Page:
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ESF: Prioritize: Finding the Leaky Buckets

By Mike Rothman
As we start to dig into the Endpoint Security Fundamentals series, the first step is always to figure out where you are. Since hope is not a strategy, you can’t just make assumptions about what’s installed, what’s configured correctly, and what the end users actually know. So we’ve got to figure that out, which involves using some of the same tactics our adversaries use. The goal here is twofold: first you need to figure out what presents a clear and present danger to your organization, and put a triage plan in place to remediate those issues.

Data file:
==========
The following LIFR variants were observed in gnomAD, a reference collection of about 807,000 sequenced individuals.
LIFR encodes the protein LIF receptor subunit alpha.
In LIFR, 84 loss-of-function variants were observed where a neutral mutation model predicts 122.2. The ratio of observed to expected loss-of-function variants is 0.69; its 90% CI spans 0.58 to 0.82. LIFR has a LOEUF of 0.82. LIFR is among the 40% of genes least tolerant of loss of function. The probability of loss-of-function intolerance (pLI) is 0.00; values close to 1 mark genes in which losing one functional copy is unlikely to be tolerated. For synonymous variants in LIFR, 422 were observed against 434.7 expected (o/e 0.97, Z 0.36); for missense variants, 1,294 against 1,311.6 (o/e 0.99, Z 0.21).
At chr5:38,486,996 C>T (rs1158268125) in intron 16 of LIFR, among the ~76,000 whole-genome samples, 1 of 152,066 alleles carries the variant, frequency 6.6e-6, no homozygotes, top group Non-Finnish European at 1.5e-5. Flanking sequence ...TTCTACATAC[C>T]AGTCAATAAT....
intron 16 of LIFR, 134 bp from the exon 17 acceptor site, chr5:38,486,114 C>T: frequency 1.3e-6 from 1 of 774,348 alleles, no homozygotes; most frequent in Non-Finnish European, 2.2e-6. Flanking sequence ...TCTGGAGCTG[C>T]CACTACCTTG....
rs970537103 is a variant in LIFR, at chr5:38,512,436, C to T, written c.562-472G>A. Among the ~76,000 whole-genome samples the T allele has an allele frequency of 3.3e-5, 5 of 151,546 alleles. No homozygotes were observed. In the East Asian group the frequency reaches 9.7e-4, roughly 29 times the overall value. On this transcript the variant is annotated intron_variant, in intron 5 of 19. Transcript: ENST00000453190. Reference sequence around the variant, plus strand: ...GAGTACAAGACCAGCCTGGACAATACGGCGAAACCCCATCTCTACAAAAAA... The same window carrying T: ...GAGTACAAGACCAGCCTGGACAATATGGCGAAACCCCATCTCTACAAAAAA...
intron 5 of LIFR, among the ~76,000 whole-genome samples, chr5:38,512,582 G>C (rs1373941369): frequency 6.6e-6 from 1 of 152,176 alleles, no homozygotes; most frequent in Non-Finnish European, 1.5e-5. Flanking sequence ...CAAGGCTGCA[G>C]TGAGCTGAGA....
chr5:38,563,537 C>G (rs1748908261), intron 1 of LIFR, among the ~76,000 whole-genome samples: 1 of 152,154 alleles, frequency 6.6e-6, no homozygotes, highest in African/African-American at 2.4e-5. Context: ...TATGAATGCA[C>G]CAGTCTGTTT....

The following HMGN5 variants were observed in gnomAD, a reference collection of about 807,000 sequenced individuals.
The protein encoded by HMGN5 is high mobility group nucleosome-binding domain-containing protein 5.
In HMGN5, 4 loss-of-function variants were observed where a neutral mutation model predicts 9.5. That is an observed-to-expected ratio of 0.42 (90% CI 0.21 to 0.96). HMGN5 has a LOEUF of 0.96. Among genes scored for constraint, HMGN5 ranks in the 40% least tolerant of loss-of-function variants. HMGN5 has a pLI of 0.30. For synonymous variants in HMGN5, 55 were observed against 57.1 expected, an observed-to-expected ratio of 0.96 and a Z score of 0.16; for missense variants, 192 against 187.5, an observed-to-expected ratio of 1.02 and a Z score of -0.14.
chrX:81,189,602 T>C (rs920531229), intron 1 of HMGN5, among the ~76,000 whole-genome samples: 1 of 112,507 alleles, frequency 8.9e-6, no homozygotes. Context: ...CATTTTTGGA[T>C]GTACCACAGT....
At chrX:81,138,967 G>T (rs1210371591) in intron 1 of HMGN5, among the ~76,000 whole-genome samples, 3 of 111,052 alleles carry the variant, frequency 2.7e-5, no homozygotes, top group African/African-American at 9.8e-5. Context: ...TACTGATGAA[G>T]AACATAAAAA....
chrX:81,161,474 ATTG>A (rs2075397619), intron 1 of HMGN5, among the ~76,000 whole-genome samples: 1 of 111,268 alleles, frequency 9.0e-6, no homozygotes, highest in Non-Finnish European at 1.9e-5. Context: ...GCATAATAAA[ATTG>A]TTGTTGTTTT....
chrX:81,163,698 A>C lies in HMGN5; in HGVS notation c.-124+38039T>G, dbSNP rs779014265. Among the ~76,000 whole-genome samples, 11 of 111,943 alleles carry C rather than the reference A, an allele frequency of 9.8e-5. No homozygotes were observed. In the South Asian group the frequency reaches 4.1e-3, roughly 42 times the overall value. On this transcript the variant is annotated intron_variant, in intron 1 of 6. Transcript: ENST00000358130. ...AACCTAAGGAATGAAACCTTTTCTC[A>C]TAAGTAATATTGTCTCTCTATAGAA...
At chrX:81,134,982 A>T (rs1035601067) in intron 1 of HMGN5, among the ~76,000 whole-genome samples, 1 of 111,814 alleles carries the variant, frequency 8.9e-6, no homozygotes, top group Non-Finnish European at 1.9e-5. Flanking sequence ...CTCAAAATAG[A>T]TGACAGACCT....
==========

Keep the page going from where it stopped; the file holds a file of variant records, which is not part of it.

Endpoint Security Fundamentals: Introduction

By Mike Rothman
As we continue building out coverage on more traditional security topics, it’s time to focus some attention on the endpoint. For the most part, many folks have just given up on protecting the endpoint. Yes, we all go through the motions of having endpoint agents installed (on Windows anyway), but most of us have pretty low expectations for anti-malware solutions. Justifiably so, but that doesn’t mean it’s game over. There are lots of things we can do to better protect the endpoint, some of which were discussed in Low Hanging Fruit: Endpoint Security. But let’s not

Incite 3/31/2010: Attitude Is Everything

By Mike Rothman